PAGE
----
Department of Health and Social Care
Local COVID alert level update for Greater Manchester
Greater Manchester will move from local COVID alert level high to very high from 00.01 on Friday 23 October.
Following discussions between local leaders and the government which concluded yesterday without an agreement, Greater Manchester will move from local COVID alert level high to very high from 00.01 on Friday 23 October.
This means that new measures will come into place including:
- people must not socialise with anybody they do not live with, or have formed a support bubble with, in any indoor setting or in any private garden or at most outdoor hospitality venues and ticketed events
- people must not socialise in a group of more than 6 in an outdoor public space such as a park or beach, the countryside, a public garden or a sports venue
- all pubs and bars must close, unless they are serving substantial meals
- betting shops, casinos, bingo halls, adult gaming centres and soft play areas will close
- people should try to avoid travelling outside the very high alert level or entering a very-high alert level area, other than for work, education or for caring responsibilities or to travel through as part of a longer journey
- residents should avoid staying overnight in another part of the UK, and others should avoid staying overnight in the very high alert area
The rate of COVID-19 infections is rising rapidly across the UK. The Office for National Statistics (ONS) estimates that one in every 240 people in England had the virus in the week from 25 September to 1 October and that the numbers infected are doubling every 7 to 12 days. Cases are not evenly spread, with infection rates rising more rapidly in some areas than others.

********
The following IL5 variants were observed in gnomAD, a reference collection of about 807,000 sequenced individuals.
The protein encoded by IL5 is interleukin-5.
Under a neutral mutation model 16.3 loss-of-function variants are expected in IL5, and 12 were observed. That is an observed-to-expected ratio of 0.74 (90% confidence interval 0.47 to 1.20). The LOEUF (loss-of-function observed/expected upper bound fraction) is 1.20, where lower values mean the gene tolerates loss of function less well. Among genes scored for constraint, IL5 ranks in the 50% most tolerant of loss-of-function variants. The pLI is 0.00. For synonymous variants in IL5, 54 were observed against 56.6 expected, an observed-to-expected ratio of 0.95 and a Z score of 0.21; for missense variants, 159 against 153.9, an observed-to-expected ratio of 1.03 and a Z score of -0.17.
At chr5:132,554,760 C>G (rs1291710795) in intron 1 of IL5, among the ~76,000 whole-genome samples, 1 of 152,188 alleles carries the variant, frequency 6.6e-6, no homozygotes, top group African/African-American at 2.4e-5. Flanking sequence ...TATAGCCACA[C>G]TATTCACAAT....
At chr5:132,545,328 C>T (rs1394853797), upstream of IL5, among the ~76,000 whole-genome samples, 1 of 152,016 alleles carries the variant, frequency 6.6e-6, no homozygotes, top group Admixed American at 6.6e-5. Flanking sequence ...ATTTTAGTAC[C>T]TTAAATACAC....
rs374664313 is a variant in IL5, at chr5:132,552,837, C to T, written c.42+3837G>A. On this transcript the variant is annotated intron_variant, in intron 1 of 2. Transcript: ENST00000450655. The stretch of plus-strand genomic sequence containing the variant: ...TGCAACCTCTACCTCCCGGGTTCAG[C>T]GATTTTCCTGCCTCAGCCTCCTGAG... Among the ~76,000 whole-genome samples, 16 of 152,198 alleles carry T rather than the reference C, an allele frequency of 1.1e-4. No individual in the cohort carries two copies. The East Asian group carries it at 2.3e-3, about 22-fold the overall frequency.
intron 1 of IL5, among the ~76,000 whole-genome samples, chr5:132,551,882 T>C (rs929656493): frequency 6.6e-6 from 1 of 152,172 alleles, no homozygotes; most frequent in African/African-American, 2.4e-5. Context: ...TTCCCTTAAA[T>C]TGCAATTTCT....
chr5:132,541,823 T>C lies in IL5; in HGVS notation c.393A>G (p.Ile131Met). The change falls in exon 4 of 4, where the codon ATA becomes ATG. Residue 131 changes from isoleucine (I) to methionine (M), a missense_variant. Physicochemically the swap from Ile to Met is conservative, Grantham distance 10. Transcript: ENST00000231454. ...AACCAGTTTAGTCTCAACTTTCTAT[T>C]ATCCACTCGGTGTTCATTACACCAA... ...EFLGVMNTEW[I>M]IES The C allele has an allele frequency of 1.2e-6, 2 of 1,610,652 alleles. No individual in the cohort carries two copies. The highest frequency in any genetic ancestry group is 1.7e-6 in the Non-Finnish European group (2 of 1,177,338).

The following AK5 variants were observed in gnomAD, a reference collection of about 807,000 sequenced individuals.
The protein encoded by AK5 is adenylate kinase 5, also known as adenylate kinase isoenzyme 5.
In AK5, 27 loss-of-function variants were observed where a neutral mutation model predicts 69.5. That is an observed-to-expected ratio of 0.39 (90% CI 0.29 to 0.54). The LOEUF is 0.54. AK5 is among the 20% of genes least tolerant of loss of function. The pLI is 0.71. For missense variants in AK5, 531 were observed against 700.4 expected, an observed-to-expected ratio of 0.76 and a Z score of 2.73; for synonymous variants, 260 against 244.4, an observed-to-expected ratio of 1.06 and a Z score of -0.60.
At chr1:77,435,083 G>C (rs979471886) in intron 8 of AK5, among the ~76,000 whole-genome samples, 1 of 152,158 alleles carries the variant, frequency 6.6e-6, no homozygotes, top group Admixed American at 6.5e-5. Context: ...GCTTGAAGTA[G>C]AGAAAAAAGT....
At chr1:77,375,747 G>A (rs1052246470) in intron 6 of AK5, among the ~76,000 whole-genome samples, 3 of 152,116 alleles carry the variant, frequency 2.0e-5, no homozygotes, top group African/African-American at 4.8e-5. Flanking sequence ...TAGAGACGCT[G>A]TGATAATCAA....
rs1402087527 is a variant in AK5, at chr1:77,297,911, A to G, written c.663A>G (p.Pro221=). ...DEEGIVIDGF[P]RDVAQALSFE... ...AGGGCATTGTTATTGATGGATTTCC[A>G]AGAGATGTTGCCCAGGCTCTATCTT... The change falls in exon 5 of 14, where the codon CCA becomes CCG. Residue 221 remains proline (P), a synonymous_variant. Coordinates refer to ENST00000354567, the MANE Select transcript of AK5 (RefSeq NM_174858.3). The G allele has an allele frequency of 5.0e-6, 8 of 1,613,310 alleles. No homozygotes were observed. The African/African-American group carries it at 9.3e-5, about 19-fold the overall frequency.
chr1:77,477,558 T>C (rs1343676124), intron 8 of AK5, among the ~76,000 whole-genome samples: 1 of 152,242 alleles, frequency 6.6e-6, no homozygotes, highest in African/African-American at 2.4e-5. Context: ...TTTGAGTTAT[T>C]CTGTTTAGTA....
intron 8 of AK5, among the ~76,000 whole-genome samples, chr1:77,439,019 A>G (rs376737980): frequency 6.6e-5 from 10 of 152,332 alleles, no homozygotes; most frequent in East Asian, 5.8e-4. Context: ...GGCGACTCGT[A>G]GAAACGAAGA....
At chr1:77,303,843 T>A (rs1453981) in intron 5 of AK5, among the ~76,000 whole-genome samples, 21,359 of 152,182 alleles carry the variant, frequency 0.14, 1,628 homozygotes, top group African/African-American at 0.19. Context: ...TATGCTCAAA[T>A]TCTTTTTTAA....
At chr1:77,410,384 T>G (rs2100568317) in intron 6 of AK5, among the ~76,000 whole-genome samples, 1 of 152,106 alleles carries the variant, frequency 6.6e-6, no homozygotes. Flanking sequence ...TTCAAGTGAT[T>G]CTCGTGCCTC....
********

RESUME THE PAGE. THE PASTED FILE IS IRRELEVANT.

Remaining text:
In Greater Manchester, infection rates are among the highest in the country. As of 12 October, the weekly average for new cases was 1,591, an increase of 302% in one month since 12 September.
There are now more COVID-19 patients in Greater Manchester hospitals than in the whole of the South West and South East combined, and on the current trajectory the number of COVID patients in Greater Manchester will exceed the numbers from the first peak in April in 2 to 3 weeks.
To support the local authority during this period, the government will be providing a £22 million funding package to protect public health and local economies, including compliance, enforcement and contact tracing activity across Greater Manchester. The government will also continue to discuss further business support funding with local leaders in line with what was agreed for Lancashire and Merseyside.
The funding is in addition to Jobs Support Scheme set out by the Chancellor earlier this month, which will pay up to two-thirds of employees’ wages for businesses required to close and provide grants worth up to £3,000 per month. Employees will have access to Universal Credit on top of this.
The government has already provided £1 billion of additional funding for all local authorities to support their COVID responses, on top of the £3.7 billion provided since March.